In his recent musing on this issue, President Duterte claimed that there are "malignant forces" out to sabotage his administration by attributing the recent killings of youths allegedly into drugs, to the police force which is directly under the Chief Executive. Mr. Duterte last Friday instructed PNP Director-General Bato de la Rosa to look into these "conspirators," opining that the series of murders of minors during police crackdowns on narcotics are being  done "intentionally," to disgrace his administration. 

To date there are said to be some 54 youths who have been killed under the supposed police anti-drug war---quite apart  from the more celebrated cases involving the murder of Kian de los Santos, 17, Carl Arnaiz, 19 and Reynaldo de Guzman, 14 (police claim that the DNA of this youth found floating in the river in Nueva Ecija does not match those of his supposed parents).  Yet Mr. Duterte thinks that all this could be a series of sabotage moves against his administration---to whip up vehement anger against it.


To be sure, in our murky politics these days, such allegation is not an impossible claim, but it does seem quite remote inasmuch as the President's opponents in the LP no longer control the state security forces. On the contrary, he appears to have developed a warm relationship with them in his 14-month presidency.

What may have greatly influenced all the recent killings could have been the directives from the President to the police in months past to exterminate drug-addicts, coupled with his assurance that the executing lawmen would get presidential pardon right away. Mr. Duterte could actually have been playing with fire in this regard. According to the Children's Legal Rights and Development Center, some 54 youths have already perished in the drug war, in addition to the three young people who were recently murdered. There is now so much public uproar over these killings.


The churches have come out denouncing the brutal campaign against drugs. Caloocan Bishop Virgilio David, in whose diocese the slaying of Kian de los Santos occurred, was quite emphatic in protesting the direction of the anti-drug campaign. Then too, in a recent uncharacteristically strong pastoral letter, Luis Antonio Cardinal Tagle  stressed that "We cannot allow the destruction of lives to become normal. We cannot govern the nation by killing. We cannot foster a humane and devout Filipino culture by killings."

The latest cleric to weigh in on recent killings was Archbishop Florentino Lavarias of the Archdiocese of San Fernando, Pampanga, who urged the faithful last Sept. 8, Feast of the Blessed Virgin Mary, to pray for the poor as well as for officials and policemen under attack for the bloody war on drugs.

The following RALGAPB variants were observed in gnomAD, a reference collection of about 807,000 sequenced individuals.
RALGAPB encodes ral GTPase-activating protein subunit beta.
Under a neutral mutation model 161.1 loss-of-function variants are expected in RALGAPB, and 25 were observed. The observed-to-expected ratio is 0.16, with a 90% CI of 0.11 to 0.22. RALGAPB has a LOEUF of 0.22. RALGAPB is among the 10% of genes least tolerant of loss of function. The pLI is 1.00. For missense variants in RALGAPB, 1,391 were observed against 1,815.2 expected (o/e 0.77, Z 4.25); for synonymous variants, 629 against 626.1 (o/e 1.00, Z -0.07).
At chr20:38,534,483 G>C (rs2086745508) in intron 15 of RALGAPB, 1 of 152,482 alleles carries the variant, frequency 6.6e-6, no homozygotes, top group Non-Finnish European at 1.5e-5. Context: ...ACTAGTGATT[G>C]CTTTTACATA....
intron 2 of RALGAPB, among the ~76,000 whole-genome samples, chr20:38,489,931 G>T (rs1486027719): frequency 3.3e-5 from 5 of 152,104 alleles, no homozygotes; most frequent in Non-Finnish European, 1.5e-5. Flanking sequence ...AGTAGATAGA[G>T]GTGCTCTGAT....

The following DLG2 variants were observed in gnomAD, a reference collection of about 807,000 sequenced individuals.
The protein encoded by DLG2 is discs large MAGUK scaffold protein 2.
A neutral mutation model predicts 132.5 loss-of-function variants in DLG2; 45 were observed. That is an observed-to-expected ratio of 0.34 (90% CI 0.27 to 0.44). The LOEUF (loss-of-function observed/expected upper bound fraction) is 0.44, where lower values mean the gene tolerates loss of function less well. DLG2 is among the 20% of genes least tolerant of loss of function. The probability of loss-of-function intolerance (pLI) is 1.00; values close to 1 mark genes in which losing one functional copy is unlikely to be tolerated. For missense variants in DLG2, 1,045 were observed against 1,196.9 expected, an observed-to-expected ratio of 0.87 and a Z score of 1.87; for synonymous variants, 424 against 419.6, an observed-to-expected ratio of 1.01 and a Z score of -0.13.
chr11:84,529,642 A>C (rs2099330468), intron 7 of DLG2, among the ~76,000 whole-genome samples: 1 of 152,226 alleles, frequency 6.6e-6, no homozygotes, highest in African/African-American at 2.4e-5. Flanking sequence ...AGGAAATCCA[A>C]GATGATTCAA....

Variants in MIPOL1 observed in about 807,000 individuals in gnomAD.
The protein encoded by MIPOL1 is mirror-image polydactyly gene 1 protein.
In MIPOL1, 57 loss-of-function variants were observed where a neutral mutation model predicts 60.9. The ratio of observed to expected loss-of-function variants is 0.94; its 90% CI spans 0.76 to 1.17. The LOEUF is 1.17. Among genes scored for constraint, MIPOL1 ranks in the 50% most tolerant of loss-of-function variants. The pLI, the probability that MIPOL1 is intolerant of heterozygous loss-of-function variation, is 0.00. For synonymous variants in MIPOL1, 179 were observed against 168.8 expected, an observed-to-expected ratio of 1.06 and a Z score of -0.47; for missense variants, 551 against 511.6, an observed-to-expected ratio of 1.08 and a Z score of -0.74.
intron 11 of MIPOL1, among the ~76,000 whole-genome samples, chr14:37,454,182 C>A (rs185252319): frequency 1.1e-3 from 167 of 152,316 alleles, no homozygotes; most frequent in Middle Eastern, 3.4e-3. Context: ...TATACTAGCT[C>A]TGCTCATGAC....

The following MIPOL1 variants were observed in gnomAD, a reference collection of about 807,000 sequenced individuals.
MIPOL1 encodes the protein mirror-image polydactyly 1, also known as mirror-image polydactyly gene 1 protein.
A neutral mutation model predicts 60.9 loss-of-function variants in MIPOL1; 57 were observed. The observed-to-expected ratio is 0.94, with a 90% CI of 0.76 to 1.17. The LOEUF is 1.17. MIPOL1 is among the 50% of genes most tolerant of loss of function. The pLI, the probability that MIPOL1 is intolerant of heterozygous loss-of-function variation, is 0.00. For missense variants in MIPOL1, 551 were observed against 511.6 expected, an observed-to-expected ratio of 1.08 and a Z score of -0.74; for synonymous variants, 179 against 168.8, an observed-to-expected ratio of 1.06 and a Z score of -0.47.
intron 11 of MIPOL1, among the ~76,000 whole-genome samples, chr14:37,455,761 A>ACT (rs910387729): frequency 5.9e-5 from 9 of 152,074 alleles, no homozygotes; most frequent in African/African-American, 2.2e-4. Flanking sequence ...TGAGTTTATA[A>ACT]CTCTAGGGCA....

Complicating the problem is the fact that the Commission on Human Rights (CHR), an agency established by the Constitution to be imbued with sufficient independence, seems to be on the way to being emasculated by the Duterte administration, which treats it with ill-disguised contempt.  The administration has refused access of the CHR under Chair Chito Gascon, a P-Noy appointee, to records of recent slayings. The police argue that they need authority from the President---but at this point he doesn't seem disposed to granting it. 

This is contrary to the provisions of the Constitution that assure political independence to constitutional commissions such as the CHR.

One hopeful indication, though, that the Palace might be seeing the light regarding the country's serious drug problem is the statement of Presidential Spokesperson Ernesto Abella---that the government is doing a "MAJOR RETHINKING" of its war on drugs, after the death of the three minors allegedly implicated in drugs. 


The Liberal Party came out with a statement backing up the CHR investigations: Said the LP: "if the government is serious about solving (the drug-related killings), then it should allow an independent, impartial body---the Commission on Human Rights---which is constitutionally mandated to conduct investigation of these killings, so as to be more credible to the public." 

During the Senate hearings on Kian de los Santos' murder, the PNP, probably reacting to public outrage, initially promised to turn over the records on Kian to the CHR, but to date Malacanang still has to give the go-signal. 

On the other hand, Senator Grace Poe is in the right direction in filing a resolution before the Senate seeking an investigation into the recent "gruesome deaths" of the three teenagers. and into the PNP modus operandi. This inquiry, especially into the workings of the PNP regarding drug control, is badly needed indeed.